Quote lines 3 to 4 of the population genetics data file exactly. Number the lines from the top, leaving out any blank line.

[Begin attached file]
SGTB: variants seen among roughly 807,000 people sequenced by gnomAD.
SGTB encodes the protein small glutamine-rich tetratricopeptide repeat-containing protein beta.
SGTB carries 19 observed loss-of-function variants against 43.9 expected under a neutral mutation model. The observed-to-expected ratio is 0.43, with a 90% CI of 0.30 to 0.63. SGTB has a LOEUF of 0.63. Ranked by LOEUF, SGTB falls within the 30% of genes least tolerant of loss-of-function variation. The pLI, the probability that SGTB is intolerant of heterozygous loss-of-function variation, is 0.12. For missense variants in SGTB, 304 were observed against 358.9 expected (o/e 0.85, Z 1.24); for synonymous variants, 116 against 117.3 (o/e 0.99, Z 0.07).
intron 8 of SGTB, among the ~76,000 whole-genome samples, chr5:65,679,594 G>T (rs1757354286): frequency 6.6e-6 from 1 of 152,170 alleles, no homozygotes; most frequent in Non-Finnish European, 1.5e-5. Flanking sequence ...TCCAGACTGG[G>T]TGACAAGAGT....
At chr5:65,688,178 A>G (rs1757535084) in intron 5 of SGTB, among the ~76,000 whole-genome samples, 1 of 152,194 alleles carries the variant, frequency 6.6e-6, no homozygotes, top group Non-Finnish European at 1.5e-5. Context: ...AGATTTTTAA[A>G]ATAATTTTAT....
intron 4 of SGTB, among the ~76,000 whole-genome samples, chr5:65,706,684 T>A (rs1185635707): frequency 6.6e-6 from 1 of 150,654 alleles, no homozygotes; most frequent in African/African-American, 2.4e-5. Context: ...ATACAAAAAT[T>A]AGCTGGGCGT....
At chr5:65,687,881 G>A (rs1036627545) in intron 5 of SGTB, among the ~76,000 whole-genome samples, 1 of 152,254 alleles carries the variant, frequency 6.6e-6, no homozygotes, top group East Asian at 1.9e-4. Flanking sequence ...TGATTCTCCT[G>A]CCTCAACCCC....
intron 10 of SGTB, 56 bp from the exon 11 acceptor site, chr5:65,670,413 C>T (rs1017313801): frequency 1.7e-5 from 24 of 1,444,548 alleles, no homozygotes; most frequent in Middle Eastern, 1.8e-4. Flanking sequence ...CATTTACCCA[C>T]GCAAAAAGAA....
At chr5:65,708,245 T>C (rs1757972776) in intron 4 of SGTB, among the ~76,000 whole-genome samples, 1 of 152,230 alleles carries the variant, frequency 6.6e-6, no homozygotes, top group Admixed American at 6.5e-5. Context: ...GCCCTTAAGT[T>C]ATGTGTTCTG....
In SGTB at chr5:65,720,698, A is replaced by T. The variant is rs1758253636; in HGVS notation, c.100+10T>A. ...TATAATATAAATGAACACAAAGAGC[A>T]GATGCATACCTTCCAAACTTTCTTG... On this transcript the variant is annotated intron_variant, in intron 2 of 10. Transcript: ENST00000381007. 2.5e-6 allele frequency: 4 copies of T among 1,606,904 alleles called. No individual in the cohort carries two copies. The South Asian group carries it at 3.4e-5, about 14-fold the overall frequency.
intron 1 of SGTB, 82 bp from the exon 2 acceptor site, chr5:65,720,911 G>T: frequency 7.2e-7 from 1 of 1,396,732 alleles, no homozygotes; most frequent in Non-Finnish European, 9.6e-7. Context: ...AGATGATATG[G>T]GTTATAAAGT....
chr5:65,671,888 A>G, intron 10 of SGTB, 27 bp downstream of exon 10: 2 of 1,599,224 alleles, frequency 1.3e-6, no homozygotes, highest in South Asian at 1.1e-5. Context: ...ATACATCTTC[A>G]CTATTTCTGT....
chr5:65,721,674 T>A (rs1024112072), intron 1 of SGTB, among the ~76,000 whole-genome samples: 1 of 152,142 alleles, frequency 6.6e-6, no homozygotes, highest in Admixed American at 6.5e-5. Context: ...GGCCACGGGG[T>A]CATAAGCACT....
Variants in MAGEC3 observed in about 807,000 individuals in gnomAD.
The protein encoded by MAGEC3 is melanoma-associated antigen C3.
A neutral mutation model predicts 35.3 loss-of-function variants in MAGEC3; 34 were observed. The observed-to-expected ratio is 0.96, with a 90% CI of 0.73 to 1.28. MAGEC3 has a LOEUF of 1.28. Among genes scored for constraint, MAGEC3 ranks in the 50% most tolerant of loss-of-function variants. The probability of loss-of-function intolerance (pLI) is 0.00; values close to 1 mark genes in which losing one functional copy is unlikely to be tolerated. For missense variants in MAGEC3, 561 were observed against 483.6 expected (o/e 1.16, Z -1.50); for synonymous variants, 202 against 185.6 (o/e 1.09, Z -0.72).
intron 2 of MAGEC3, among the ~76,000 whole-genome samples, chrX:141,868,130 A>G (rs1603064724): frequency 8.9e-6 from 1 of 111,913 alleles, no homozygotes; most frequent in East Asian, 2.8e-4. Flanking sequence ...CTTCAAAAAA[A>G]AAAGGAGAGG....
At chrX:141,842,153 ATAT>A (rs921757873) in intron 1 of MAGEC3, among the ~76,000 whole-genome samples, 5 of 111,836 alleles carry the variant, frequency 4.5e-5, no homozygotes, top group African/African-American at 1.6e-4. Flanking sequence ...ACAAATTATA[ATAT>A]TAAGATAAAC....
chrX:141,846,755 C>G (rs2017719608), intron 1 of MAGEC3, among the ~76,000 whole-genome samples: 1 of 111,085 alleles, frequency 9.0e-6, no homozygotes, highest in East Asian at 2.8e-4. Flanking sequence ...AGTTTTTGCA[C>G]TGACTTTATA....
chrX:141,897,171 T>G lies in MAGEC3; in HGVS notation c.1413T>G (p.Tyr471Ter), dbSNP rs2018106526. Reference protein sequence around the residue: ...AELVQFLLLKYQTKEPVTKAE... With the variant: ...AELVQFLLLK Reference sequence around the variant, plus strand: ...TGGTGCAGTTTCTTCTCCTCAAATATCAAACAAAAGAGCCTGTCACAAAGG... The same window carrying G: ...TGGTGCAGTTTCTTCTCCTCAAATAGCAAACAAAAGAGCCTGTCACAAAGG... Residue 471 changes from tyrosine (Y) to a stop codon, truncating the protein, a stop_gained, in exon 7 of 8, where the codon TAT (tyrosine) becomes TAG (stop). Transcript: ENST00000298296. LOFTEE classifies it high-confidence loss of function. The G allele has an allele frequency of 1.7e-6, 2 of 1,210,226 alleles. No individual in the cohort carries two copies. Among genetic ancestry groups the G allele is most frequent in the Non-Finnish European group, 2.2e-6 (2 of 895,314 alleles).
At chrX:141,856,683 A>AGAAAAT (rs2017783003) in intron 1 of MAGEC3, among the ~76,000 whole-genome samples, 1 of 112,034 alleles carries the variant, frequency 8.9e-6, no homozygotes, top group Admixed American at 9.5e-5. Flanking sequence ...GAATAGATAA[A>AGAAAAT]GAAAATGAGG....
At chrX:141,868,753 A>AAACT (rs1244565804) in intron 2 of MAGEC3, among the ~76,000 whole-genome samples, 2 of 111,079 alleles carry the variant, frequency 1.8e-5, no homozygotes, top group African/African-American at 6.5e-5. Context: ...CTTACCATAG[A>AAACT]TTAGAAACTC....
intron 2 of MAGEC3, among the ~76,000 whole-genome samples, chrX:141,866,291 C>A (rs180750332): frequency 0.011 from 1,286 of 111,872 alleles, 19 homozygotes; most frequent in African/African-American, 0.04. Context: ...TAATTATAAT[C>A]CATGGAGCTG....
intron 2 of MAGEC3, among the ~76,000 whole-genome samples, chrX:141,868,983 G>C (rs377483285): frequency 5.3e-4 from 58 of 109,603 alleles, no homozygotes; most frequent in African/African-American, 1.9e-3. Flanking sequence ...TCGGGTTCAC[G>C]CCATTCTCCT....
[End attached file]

SGTB carries 19 observed loss-of-function variants against 43.9 expected under a neutral mutation model. The observed-to-expected ratio is 0.43, with a 90% CI of 0.30 to 0.63. SGTB has a LOEUF of 0.63. Ranked by LOEUF, SGTB falls within the 30% of genes least tolerant of loss-of-function variation. The pLI, the probability that SGTB is intolerant of heterozygous loss-of-function variation, is 0.12. For missense variants in SGTB, 304 were observed against 358.9 expected (o/e 0.85, Z 1.24); for synonymous variants, 116 against 117.3 (o/e 0.99, Z 0.07).
intron 8 of SGTB, among the ~76,000 whole-genome samples, chr5:65,679,594 G>T (rs1757354286): frequency 6.6e-6 from 1 of 152,170 alleles, no homozygotes; most frequent in Non-Finnish European, 1.5e-5. Flanking sequence ...TCCAGACTGG[G>T]TGACAAGAGT....